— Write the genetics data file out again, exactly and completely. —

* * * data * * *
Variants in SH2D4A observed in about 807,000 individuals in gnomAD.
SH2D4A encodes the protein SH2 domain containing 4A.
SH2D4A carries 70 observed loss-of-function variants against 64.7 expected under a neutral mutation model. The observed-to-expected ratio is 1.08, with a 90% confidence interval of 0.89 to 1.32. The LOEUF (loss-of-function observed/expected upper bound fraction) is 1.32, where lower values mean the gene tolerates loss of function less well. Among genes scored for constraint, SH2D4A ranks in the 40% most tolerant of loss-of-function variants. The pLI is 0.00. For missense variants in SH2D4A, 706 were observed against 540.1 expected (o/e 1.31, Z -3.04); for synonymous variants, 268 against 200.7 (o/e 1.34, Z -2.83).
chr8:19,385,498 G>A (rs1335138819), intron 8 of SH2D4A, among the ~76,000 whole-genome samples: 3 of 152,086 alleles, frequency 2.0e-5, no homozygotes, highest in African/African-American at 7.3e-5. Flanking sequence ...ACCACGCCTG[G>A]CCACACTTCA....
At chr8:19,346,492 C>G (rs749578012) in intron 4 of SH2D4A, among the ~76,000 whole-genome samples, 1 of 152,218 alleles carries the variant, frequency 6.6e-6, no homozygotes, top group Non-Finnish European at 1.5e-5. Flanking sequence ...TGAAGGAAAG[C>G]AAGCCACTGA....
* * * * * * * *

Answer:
Variants in SH2D4A observed in about 807,000 individuals in gnomAD.
SH2D4A encodes the protein SH2 domain containing 4A.
SH2D4A carries 70 observed loss-of-function variants against 64.7 expected under a neutral mutation model. The observed-to-expected ratio is 1.08, with a 90% confidence interval of 0.89 to 1.32. The LOEUF (loss-of-function observed/expected upper bound fraction) is 1.32, where lower values mean the gene tolerates loss of function less well. Among genes scored for constraint, SH2D4A ranks in the 40% most tolerant of loss-of-function variants. The pLI is 0.00. For missense variants in SH2D4A, 706 were observed against 540.1 expected (o/e 1.31, Z -3.04); for synonymous variants, 268 against 200.7 (o/e 1.34, Z -2.83).
chr8:19,385,498 G>A (rs1335138819), intron 8 of SH2D4A, among the ~76,000 whole-genome samples: 3 of 152,086 alleles, frequency 2.0e-5, no homozygotes, highest in African/African-American at 7.3e-5. Flanking sequence ...ACCACGCCTG[G>A]CCACACTTCA....
At chr8:19,346,492 C>G (rs749578012) in intron 4 of SH2D4A, among the ~76,000 whole-genome samples, 1 of 152,218 alleles carries the variant, frequency 6.6e-6, no homozygotes, top group Non-Finnish European at 1.5e-5. Flanking sequence ...TGAAGGAAAG[C>G]AAGCCACTGA....